The currents seemed to pull the empty ache out of her, as though her body were just a translucent husk. And then the sound of her heart beating inside her would remind her it was time to surface, and she would feel the slight throbbing of her body asking to live, and reluctantly, made aware again of her natural place above water, she would rise.
I slid open the capiz-paned windows
and howled as if I was answering
the far-off cry of a demented dog.
My frustrated father said
I would be conjuring the aswang.
For a book idea inspired by antipathy and alienation, Everfair is balanced by the audacity of making something that sounds strange and un-possible work.
Certain Dark Things is the book I wish had been my introduction to vampires in literature.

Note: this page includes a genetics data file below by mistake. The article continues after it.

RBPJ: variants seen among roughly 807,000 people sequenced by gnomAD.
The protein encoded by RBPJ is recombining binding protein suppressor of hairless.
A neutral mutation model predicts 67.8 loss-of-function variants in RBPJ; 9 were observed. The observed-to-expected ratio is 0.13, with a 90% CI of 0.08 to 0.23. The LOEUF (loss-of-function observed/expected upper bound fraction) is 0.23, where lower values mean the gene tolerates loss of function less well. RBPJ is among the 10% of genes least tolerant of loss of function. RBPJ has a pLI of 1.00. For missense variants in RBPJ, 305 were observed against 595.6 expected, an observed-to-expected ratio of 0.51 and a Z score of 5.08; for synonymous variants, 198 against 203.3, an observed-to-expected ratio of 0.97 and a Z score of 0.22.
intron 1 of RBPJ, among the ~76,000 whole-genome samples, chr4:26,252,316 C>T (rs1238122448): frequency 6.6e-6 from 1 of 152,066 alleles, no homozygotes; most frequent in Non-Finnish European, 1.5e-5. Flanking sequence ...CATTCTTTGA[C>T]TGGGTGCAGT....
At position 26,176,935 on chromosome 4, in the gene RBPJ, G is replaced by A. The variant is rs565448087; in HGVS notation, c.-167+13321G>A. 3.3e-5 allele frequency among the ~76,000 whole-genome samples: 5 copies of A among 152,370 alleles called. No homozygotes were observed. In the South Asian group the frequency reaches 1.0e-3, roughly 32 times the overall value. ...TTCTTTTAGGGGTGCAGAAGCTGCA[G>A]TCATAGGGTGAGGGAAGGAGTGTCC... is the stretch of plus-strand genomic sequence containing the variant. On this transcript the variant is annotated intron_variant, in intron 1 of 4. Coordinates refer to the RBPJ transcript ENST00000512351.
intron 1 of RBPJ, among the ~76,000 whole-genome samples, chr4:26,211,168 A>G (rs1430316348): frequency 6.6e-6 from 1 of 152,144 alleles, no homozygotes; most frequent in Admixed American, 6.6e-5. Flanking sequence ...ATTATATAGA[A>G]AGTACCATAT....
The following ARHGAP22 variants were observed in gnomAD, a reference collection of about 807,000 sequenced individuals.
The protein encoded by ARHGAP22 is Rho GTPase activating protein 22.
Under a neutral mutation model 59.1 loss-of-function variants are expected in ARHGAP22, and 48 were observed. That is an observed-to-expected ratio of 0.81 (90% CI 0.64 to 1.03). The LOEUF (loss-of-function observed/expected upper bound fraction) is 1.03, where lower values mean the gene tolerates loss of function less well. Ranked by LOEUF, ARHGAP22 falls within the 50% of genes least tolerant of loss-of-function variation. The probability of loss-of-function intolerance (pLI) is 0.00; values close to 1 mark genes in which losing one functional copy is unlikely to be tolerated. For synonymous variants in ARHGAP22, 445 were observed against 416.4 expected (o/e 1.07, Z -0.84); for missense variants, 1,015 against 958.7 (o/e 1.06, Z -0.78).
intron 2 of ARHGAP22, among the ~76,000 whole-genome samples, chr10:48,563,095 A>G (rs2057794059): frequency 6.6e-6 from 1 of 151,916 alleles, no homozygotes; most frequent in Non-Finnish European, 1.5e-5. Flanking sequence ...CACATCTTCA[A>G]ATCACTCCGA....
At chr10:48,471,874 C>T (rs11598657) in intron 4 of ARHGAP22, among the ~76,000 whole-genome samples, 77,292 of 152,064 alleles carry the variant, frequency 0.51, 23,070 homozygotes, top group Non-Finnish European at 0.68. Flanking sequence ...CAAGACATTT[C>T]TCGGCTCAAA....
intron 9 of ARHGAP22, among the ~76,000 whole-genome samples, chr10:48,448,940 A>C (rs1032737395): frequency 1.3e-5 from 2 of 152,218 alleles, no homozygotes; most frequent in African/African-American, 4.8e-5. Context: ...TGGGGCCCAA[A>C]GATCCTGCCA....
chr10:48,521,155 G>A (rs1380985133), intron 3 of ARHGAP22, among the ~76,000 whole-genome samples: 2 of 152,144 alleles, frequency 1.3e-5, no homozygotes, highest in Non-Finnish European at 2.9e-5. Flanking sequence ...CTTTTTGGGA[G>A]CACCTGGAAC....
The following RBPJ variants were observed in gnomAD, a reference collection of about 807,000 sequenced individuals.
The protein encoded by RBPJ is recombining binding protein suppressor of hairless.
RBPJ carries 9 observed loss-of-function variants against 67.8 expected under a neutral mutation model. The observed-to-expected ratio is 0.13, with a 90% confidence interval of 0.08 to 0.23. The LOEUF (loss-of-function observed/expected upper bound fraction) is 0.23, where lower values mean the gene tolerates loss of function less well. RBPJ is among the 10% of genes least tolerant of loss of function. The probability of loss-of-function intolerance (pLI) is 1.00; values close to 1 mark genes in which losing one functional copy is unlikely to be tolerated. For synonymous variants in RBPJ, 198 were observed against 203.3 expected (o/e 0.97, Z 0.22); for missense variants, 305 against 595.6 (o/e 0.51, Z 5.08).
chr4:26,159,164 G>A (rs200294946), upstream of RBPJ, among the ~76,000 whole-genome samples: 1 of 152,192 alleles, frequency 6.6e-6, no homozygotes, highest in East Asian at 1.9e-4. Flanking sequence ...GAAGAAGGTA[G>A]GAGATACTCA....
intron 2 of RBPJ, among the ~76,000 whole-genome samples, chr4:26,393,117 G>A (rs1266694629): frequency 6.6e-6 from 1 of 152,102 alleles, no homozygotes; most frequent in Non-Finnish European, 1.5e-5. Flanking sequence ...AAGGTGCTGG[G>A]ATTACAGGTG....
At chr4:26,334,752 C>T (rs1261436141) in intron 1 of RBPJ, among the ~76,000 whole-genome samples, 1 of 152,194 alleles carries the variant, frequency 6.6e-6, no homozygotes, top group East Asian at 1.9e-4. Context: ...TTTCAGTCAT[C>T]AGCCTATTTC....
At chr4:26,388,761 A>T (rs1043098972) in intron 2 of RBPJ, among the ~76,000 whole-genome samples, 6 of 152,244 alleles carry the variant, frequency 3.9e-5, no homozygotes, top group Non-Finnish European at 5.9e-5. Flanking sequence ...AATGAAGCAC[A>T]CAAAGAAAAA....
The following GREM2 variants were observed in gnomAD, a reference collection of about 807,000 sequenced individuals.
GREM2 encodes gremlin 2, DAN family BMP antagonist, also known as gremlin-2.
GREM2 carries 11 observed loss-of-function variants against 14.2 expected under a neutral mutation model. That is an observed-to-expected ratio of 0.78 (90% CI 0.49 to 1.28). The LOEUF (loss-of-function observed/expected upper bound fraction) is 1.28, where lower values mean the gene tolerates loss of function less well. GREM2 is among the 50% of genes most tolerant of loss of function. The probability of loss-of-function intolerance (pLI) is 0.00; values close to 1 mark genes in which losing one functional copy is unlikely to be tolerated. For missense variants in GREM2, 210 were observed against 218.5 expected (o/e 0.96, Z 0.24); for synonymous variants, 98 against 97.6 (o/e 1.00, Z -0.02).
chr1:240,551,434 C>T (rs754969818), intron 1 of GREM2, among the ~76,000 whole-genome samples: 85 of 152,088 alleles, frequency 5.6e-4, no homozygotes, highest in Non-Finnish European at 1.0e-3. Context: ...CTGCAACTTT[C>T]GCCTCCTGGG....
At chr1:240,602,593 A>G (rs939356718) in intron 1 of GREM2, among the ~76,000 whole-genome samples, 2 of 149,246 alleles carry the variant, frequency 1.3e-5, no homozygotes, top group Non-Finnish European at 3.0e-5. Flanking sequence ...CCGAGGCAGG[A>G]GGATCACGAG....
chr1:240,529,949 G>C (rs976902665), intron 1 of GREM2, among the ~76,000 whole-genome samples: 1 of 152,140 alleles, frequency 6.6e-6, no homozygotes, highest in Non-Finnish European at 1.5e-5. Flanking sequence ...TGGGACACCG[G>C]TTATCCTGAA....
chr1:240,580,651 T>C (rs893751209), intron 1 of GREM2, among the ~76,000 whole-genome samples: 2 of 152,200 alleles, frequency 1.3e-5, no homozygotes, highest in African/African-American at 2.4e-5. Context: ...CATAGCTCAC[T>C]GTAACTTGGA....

Should a series of books evolve to a point where the end bears very little resemblance to the beginning? Or should a they remain consistent, each book a comforting bed for their loyal followers?
I’m not an expert on the current state of SF publishing. Twenty-plus years ago, a distinguished New York editor told me, “Given the current state for publishing, Eleanor, your career as a novelist is dead.” I think now I shouldn’t have listened to him.
I think the disorienting effect, somehow, tells a more psychological truth than a perfect rendering in three-point perspective.
In this episode of the Strange Horizons podcast, editor Anaea Lay presents Alexandra Manglis’s “The Wreck at Goat’s Head.”